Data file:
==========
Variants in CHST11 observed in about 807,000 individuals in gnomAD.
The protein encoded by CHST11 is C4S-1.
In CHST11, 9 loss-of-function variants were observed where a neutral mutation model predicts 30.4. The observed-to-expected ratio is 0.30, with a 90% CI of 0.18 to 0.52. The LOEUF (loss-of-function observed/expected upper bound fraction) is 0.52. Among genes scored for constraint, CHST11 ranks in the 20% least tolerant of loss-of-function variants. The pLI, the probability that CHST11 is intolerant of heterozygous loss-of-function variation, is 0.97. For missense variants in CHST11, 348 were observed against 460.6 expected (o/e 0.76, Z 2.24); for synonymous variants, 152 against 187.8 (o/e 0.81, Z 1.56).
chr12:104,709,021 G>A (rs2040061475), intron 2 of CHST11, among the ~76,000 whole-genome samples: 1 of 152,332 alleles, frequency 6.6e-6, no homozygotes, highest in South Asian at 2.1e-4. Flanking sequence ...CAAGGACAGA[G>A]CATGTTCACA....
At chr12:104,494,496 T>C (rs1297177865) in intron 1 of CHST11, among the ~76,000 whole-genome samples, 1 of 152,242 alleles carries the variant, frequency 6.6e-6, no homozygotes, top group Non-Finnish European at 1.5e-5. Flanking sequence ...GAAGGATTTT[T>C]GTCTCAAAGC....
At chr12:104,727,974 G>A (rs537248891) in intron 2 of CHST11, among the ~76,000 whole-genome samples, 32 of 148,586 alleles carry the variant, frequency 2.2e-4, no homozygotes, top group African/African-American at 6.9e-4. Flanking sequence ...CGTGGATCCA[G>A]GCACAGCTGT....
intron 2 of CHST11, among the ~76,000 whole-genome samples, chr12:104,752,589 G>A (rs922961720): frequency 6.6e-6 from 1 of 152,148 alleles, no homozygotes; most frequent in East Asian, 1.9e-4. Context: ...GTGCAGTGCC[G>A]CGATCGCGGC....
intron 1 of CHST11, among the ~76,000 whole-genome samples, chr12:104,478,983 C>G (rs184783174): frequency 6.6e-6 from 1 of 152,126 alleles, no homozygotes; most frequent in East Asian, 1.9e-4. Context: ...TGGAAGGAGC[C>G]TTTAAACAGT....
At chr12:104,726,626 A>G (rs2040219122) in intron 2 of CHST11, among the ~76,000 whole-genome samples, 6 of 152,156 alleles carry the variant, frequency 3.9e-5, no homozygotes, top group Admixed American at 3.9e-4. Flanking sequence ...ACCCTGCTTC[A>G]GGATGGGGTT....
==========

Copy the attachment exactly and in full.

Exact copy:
Variants in CHST11 observed in about 807,000 individuals in gnomAD.
The protein encoded by CHST11 is C4S-1.
In CHST11, 9 loss-of-function variants were observed where a neutral mutation model predicts 30.4. The observed-to-expected ratio is 0.30, with a 90% CI of 0.18 to 0.52. The LOEUF (loss-of-function observed/expected upper bound fraction) is 0.52. Among genes scored for constraint, CHST11 ranks in the 20% least tolerant of loss-of-function variants. The pLI, the probability that CHST11 is intolerant of heterozygous loss-of-function variation, is 0.97. For missense variants in CHST11, 348 were observed against 460.6 expected (o/e 0.76, Z 2.24); for synonymous variants, 152 against 187.8 (o/e 0.81, Z 1.56).
chr12:104,709,021 G>A (rs2040061475), intron 2 of CHST11, among the ~76,000 whole-genome samples: 1 of 152,332 alleles, frequency 6.6e-6, no homozygotes, highest in South Asian at 2.1e-4. Flanking sequence ...CAAGGACAGA[G>A]CATGTTCACA....
At chr12:104,494,496 T>C (rs1297177865) in intron 1 of CHST11, among the ~76,000 whole-genome samples, 1 of 152,242 alleles carries the variant, frequency 6.6e-6, no homozygotes, top group Non-Finnish European at 1.5e-5. Flanking sequence ...GAAGGATTTT[T>C]GTCTCAAAGC....
At chr12:104,727,974 G>A (rs537248891) in intron 2 of CHST11, among the ~76,000 whole-genome samples, 32 of 148,586 alleles carry the variant, frequency 2.2e-4, no homozygotes, top group African/African-American at 6.9e-4. Flanking sequence ...CGTGGATCCA[G>A]GCACAGCTGT....
intron 2 of CHST11, among the ~76,000 whole-genome samples, chr12:104,752,589 G>A (rs922961720): frequency 6.6e-6 from 1 of 152,148 alleles, no homozygotes; most frequent in East Asian, 1.9e-4. Context: ...GTGCAGTGCC[G>A]CGATCGCGGC....
intron 1 of CHST11, among the ~76,000 whole-genome samples, chr12:104,478,983 C>G (rs184783174): frequency 6.6e-6 from 1 of 152,126 alleles, no homozygotes; most frequent in East Asian, 1.9e-4. Context: ...TGGAAGGAGC[C>G]TTTAAACAGT....
At chr12:104,726,626 A>G (rs2040219122) in intron 2 of CHST11, among the ~76,000 whole-genome samples, 6 of 152,156 alleles carry the variant, frequency 3.9e-5, no homozygotes, top group Admixed American at 3.9e-4. Flanking sequence ...ACCCTGCTTC[A>G]GGATGGGGTT....